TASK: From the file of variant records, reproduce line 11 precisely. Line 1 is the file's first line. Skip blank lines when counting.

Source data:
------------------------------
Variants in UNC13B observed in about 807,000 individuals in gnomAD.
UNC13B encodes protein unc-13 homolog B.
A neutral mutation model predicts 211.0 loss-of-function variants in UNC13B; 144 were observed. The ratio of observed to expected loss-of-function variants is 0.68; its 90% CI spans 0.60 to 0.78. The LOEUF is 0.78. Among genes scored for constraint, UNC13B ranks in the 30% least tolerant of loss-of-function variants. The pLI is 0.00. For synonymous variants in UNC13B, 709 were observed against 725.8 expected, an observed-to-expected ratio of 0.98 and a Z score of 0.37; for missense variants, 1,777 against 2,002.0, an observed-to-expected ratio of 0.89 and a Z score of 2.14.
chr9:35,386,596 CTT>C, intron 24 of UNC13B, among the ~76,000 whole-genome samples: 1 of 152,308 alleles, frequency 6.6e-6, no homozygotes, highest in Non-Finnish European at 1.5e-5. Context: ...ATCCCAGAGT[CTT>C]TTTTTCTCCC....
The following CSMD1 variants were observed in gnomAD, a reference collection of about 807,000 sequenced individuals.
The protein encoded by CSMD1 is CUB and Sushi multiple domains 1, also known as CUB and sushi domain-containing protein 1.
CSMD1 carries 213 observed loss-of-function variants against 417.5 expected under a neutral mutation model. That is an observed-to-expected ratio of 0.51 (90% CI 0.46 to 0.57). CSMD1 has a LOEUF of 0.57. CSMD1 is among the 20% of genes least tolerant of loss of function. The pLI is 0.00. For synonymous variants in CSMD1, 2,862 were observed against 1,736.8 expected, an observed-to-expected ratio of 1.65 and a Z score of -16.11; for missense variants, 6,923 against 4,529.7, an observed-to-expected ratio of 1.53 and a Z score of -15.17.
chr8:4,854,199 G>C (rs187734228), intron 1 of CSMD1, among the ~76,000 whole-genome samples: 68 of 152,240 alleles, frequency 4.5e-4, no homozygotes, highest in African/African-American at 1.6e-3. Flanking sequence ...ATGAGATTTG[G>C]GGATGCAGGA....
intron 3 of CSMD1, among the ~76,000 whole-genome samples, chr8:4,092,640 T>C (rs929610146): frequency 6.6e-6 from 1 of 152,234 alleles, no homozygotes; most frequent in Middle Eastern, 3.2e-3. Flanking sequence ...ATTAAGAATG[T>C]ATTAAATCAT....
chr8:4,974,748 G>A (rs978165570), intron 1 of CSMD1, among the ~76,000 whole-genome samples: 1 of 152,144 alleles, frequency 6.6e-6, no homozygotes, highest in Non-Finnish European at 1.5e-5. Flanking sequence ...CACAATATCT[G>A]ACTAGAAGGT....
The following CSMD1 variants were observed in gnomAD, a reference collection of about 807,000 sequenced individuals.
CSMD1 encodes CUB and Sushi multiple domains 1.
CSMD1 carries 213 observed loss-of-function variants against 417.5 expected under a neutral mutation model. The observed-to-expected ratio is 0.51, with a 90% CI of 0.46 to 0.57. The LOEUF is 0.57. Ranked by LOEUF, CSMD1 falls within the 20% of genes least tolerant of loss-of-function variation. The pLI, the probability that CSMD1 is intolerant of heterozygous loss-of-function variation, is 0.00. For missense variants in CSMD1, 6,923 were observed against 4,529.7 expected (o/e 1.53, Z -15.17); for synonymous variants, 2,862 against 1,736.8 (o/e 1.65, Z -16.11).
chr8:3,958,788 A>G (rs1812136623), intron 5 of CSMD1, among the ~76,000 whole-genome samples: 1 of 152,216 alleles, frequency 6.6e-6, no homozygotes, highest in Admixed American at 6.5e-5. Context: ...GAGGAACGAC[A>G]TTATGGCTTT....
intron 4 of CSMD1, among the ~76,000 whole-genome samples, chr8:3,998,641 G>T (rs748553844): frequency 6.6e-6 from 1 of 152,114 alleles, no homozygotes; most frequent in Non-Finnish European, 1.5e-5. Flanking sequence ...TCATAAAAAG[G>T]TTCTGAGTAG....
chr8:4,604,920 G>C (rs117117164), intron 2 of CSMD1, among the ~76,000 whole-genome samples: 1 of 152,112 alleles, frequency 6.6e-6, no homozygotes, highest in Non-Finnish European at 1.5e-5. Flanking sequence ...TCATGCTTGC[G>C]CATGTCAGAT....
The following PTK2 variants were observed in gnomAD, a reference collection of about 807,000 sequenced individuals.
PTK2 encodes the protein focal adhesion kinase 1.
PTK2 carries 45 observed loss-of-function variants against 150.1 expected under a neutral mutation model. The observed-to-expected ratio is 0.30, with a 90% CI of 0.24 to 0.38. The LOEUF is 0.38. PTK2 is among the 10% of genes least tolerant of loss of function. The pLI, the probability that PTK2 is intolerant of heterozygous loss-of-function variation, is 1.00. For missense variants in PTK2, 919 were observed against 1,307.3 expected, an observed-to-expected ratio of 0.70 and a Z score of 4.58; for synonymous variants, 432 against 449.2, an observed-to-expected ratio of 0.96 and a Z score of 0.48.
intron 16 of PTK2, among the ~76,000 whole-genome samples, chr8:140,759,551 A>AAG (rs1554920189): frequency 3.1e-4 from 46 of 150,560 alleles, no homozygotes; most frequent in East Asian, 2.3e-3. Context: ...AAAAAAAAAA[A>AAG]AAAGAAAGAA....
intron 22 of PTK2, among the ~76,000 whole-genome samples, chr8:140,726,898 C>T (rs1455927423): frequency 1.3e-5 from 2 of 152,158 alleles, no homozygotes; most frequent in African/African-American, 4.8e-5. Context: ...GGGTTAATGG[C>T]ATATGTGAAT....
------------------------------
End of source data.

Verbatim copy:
The following CSMD1 variants were observed in gnomAD, a reference collection of about 807,000 sequenced individuals.